One of the best things about getting older is gaining perspective. Over time, your viewpoint on past events changes. What once seemed really important now seems less so, and mountain-sized problems look like anthills in retrospect. It’s hard to have perspective when you are living through conflict, your leadership is questioned, you don’t know the answers to perplexing problems, or you aren’t sure which direction to go. Encouraging words from leaders who have been there and done that can help. Veteran leaders look back over their lives and see the sustaining sufficiency of Jesus. Listening to their counsel can help you when you feel lost, lonely, and overwhelmed.
When I was a younger leader, we moved to Oregon to plant a church. I was trying to buy a house. The sellers wanted $1,000 more than I offered. I was in a quandary, stewing over the problem. I had the money, but was paralyzed, not knowing if I should pay any more. I was over-thinking and over-spiritualizing – agonizing as if this was a blip in the process or a barrier God was erecting to get me out of the deal. I was stressed out from moving and taking the church-planting risk. My confidence was shaken, and I was afraid I was about to make a huge mistake. I called Casey, my trusted mentor. He listened and laughed, “Do it, you’ll never look back.” I bought the house and he was right. In hindsight, it’s a bit embarrassing how such a little problem seemed so big at the time.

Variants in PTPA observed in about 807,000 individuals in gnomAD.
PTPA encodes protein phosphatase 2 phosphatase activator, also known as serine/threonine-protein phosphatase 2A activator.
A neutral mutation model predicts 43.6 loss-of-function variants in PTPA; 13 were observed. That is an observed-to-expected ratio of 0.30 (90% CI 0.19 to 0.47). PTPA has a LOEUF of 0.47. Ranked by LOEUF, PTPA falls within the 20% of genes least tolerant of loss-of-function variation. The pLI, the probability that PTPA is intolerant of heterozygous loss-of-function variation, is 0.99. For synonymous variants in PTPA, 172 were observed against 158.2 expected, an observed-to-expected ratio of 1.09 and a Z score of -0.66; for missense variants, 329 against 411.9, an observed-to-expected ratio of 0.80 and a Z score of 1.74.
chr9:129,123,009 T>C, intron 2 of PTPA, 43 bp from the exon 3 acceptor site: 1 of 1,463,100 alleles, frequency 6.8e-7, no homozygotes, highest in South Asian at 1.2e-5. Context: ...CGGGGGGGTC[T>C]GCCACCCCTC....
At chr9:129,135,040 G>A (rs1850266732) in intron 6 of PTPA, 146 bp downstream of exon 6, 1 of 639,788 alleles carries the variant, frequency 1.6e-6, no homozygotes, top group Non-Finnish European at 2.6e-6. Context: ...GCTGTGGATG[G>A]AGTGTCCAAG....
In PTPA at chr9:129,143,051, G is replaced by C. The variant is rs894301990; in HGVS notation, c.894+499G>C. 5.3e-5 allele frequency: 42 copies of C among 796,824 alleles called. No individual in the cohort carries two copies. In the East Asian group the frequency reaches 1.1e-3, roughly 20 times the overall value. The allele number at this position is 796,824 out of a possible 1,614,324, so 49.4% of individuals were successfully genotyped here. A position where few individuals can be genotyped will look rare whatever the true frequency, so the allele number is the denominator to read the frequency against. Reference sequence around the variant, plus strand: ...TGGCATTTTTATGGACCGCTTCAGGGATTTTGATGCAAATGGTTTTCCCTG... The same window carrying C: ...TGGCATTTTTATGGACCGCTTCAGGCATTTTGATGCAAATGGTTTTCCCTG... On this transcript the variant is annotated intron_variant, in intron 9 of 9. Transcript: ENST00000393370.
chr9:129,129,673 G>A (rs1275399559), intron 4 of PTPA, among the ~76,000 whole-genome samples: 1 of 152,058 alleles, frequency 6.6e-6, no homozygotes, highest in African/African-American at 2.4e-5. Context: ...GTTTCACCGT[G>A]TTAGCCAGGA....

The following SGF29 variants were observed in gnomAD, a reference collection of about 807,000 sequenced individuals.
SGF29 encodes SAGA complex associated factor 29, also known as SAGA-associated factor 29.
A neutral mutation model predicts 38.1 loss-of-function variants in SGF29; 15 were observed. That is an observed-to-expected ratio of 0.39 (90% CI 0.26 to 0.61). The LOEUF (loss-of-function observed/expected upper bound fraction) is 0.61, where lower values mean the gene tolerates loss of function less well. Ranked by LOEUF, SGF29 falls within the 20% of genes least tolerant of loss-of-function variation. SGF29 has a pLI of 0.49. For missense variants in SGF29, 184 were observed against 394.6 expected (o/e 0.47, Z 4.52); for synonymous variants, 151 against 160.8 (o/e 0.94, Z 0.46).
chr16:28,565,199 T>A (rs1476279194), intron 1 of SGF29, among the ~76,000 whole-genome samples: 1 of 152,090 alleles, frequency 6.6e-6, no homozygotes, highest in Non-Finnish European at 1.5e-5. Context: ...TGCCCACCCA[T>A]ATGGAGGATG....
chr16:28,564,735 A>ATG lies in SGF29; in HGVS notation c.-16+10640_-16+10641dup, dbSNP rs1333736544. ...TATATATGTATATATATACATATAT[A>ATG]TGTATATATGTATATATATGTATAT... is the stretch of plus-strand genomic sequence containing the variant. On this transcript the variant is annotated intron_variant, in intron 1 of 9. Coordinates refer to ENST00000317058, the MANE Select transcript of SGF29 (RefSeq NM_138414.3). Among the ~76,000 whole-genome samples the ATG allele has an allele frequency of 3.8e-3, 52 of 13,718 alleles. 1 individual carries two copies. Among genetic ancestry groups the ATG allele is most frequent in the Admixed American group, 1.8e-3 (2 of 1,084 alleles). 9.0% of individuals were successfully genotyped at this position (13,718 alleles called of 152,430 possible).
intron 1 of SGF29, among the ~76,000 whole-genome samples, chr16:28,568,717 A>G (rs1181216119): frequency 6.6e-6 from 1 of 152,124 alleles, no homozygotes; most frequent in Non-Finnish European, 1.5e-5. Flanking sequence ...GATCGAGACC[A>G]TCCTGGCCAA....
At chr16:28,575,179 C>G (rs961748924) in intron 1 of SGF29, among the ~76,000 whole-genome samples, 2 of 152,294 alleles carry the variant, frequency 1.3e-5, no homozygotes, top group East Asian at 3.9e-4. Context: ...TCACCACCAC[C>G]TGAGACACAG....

Why include this story here? It’s not an earth-shaking leadership decision. Yet, this is the kind of situation that needlessly immobilizes novice leaders. As an inexperienced home-buyer trying to make what at the time was a big decision, I needed wisdom. I needed someone who had moved a few times and bought a few houses to give me some perspective. In a much more profound way, we need more experienced leaders to tell us, “Listen, no matter what you are facing, Jesus is sufficient. I’ve been through just about everything you can think of and Jesus proved himself more than adequate over and over again.”
Like my home-buying story, leadership challenges are more difficult because we are living through them for the first time, in real time. Life isn’t a dress rehearsal; it’s a live performance. You lead live; there’s no video replay possible. Whether you are facing angry church leaders, out-of-control bloggers, or a multi-million dollar building decision, you don’t get a dry run before the real thing has to be faced and resolved. Spiritual resources like faith, peace, and wisdom are available in Jesus Christ. Remembering this, and accessing all he offers, is the challenge. Reading counsel from Peter can help. Asking veteran leaders for perspective can also help. Both are valid means to finding hindsight perspective on real time challenges.